Original Research

Teokrasie: beskouings oor Calvyn en die Nederlandse Geloofsbelydenis, art. 36 – ’n bydrae tot ’n noodsaaklike gesprek

P. Coertzen
In die Skriflig/In Luce Verbi | Vol 44, No 2 | a150 | DOI: https://doi.org/10.4102/ids.v44i2.150 | © 2010 P. Coertzen | This work is licensed under CC Attribution 4.0
Submitted: 25 July 2010 | Published: 25 July 2010

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P. Coertzen, Fakulteit Teologie, Universiteit van Stellenbosch, South Africa

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Theocracy: views on Calvin and the Confessio Belgica, art. 36 – a contribution to an important debate
John Calvin is often seen as a supporter of theocracy and the Dutch Confession of Faith (Confessio Belgica) art. 36 as a theocratic confession. This article looks at the views of various authors on this matter and comes to the conclusion that Calvin was not a supporter of a theocracy and the Dutch Confession, art. 36 is not a theocratic confession either. The question is then asked where the views of Calvin, the Dutch Confession and various countries (inter alia Switzerland, and the Nether-lands) at the time of the Reformation on the relationship be-tween church and state came from. As an answer to this ques-tion the argument is put that, in reaction to the theocracy of the Roman Catholic Church (as can been found in the Corpus Iuris Canonici), it was a returned the historical view on church and state that had been current since the time of Constantine. These views were also applied in South Africa from 1652-1994. An attempt is also made to show what was new in Calvin’s views on church and state.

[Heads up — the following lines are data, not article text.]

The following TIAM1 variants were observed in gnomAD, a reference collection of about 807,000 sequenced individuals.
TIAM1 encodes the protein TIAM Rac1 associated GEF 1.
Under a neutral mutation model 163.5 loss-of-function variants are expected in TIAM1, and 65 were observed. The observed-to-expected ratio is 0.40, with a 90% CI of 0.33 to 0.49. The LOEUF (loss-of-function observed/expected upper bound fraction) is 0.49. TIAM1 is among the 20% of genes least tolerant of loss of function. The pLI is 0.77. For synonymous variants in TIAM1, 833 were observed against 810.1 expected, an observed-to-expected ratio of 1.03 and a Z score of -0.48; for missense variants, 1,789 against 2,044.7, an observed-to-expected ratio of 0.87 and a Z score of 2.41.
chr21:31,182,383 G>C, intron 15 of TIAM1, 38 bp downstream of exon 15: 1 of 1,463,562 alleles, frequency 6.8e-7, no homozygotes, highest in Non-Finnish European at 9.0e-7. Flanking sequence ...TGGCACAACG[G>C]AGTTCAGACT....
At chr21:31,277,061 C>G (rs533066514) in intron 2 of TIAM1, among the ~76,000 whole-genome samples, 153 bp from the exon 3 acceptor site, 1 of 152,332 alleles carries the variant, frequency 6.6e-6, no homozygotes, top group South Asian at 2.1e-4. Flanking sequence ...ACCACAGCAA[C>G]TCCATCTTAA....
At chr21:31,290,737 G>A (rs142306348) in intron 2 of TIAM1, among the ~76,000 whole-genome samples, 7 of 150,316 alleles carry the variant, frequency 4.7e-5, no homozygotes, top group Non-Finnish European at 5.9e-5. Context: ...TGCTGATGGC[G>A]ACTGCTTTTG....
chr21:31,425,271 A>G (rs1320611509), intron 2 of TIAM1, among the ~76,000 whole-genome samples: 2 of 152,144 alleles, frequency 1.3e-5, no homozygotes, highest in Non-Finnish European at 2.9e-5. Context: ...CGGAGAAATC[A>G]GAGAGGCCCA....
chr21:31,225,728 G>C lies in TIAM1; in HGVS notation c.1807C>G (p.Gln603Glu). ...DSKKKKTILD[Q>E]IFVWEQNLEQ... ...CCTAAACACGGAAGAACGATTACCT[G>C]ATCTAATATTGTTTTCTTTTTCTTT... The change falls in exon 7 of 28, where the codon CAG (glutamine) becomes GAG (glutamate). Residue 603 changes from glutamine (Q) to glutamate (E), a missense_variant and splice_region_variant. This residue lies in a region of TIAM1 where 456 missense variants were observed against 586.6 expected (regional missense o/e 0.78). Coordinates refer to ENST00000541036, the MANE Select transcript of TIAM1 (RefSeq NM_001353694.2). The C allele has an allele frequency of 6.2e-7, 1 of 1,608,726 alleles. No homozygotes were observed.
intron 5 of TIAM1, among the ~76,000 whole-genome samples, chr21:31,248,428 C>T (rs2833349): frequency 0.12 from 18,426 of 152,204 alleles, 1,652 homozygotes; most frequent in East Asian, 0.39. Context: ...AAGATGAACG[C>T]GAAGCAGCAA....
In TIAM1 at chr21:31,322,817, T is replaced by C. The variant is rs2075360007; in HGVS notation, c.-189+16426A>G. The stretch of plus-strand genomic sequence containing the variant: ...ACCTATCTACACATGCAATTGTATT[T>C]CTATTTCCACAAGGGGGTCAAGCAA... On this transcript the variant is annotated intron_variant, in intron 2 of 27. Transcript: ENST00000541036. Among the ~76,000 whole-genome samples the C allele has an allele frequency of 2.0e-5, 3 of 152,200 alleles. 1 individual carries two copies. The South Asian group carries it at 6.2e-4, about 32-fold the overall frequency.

Calvin; Church And State; Constantinianism; Dutch Confession Of Faith Or Confessio Belgica; Papal Revolution; Theocracy


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1. Calvin’s interpretation of the first commandment and the implications for religious pluralism and equality of religion
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